Forgotten Truths
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The Masses Are the Main Enemy
of True Democracy

In his 1944 Christmas message, Pope Pius XII addressed the question of the true and false democracy. He made an important distinction between “the people” and “the masses.” While members of the people have an organic life that comes from within and are aware of their responsibilities, the masses are inert, moved only from the outside and ready to be exploited.

As the World War II was coming to a end, the Pope included in his criticism the Western democracies as well as the masses that allowed the totalitarian regimes of Nazism and Communism to take over Germany, Italy and Russia. We see that the same 'massification' is still present in Western democracies. It is, therefore, useful for our readers to know this concept to see through the social-political reality that surrounds us.

Pope Pius XII

Hence follows a first conclusion with its practical consequence, the State does not contain in itself and does not mechanically bring together in a given territory a shapeless mass of individuals.

It is, and should in practice be, the organic and organizing unity of a real people. The people and a shapeless multitude (or, as it is called, "the masses") are two distinct concepts.

The people lives and moves by its own life energy; the masses are inert of themselves and can only be moved from outside. The people lives by the fullness of life in the men who compose it, each of whom – at his proper place and in his own way – is a person conscious of his own responsibility and of his own views.

The masses, on the contrary, wait for the impulse from outside, an easy plaything in the hands of anyone who exploits their instincts and impressions; ready to follow in turn, today this flag, tomorrow another.

From the exuberant life of a true people, an abundant rich life is diffused in the State and all its organs, instilling into them, with a vigor that always renews itself, the consciousness of their own responsibility, the true instinct for the common good.

The State also can utilize the elementary power of the masses, deftly managed and employed in the ambitious hands of one or of several who have been artificially brought together for selfish aims. The State itself, with the support of the masses, reduced to the minimum status of a mere machine, can impose its whims on the better part of the real people. The common interest remains seriously, and for a long time, injured by this process and the injury is very often hard to heal.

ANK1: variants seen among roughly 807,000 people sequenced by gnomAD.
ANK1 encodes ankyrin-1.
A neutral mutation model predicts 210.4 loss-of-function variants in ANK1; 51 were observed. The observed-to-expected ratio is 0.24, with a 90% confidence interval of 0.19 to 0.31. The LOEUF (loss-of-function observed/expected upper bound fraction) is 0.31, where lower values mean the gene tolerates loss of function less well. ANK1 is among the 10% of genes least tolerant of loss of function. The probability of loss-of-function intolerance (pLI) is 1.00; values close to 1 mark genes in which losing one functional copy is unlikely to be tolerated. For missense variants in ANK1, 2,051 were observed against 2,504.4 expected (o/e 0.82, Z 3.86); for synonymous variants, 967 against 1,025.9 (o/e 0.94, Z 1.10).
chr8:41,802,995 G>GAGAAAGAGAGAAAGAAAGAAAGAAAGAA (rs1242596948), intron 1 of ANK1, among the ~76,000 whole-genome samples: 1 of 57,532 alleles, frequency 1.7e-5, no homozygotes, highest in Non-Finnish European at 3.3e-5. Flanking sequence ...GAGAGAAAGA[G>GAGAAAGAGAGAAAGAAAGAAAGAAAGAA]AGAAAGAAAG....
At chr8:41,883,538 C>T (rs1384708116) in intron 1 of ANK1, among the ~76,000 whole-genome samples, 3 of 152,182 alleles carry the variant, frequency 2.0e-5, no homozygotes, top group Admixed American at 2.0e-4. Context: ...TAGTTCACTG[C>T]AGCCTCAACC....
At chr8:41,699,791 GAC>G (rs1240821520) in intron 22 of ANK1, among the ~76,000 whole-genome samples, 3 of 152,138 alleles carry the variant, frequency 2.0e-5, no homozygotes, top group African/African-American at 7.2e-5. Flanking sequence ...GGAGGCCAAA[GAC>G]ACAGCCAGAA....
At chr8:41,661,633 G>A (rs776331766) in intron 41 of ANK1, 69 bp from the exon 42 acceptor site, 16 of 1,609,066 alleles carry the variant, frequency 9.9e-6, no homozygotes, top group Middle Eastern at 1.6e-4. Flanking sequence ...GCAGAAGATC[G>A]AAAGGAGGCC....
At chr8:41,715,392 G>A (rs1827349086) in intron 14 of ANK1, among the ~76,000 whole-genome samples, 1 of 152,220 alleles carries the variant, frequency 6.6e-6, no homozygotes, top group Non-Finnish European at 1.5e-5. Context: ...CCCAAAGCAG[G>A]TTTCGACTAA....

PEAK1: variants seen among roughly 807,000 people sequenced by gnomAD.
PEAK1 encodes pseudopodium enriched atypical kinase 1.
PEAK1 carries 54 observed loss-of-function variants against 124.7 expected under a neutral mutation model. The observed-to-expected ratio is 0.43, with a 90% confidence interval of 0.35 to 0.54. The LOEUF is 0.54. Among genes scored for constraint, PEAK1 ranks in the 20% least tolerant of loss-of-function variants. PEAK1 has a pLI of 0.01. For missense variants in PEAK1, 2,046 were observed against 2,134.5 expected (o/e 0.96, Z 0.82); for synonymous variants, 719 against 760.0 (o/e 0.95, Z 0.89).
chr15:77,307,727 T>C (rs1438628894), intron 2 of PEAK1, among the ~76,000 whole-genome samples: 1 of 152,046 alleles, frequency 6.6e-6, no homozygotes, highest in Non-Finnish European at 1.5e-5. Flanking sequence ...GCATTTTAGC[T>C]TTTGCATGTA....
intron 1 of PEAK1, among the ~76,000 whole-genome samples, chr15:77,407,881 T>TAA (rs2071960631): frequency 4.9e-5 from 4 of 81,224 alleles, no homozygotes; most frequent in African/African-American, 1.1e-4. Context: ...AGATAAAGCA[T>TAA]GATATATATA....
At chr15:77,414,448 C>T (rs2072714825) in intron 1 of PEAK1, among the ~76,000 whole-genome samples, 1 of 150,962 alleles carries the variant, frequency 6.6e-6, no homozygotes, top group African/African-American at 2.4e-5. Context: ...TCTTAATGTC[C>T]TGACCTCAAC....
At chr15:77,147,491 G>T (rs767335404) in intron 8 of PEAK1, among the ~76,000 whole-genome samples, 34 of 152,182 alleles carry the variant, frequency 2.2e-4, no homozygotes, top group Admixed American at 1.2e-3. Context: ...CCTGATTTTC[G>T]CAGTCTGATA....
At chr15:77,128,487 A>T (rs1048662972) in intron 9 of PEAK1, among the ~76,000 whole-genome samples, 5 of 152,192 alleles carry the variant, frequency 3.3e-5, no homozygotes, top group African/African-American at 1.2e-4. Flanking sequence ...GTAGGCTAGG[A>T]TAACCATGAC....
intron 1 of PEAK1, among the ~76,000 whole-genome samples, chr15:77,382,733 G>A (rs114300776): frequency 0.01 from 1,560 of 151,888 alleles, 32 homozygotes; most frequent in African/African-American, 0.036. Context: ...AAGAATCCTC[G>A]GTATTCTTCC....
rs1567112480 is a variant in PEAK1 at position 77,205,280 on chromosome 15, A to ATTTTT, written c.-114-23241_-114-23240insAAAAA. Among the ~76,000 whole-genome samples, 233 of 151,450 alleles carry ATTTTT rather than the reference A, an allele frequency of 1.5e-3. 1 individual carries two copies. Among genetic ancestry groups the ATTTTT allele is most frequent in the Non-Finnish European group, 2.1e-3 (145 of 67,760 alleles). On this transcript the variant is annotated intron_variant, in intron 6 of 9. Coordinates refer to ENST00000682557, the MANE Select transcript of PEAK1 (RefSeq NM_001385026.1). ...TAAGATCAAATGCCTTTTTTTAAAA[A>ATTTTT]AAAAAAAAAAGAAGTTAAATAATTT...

Hence follows clearly another conclusion: The masses – as we have just defined them – are the capital enemy of true democracy and of its ideal of liberty and equality. In a people worthy of the name, the citizen feels within him the consciousness of his personality, of his duties and rights, of his own freedom joined to respect for the freedom and dignity of others.

In a people worthy of the name all inequalities based not on whim but on the nature of things, inequalities of culture, possessions, social standing – without, of course, prejudice to justice and mutual charity – do not constitute any obstacle to the existence and the prevalence of a true spirit of union and brotherhood.

On the contrary, so far from impairing civil equality in any way, they give it its true meaning; namely, that, before the State everyone has the right to live honorably his own personal life in the place and under the conditions in which the designs and dispositions of Providence have placed him.

As against this picture of the democratic ideal of liberty and equality in a people's government by honest and far-seeing men, what a spectacle is that of a democratic State left to the whims of the masses:

Liberty, from being a moral duty of the individual becomes a tyrannous claim to give free rein to a man's impulses and appetites to the detriment of others.

Equality degenerates to a mechanical level, the sense of true honor [takes on] a colorless uniformity; personal activity, respect for tradition or dignity – in a word, all that gives life its worth – gradually fades away and disappears.

And the only survivors are, on the one hand, the victims deluded by the specious mirage of democracy, naively taken for the genuine spirit of democracy, with its liberty and equality; and on the other, the more or less numerous exploiters, who have known how to use the power of money and of organization, in order to secure a privileged position above the others, and have gained power.

Pius XII, 1944 Christmas Message on the subject of democracy,
National Catholic Welfare Conference, 1945, nn. 21-34


Blason de Charlemagne
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Posted July 21, 2016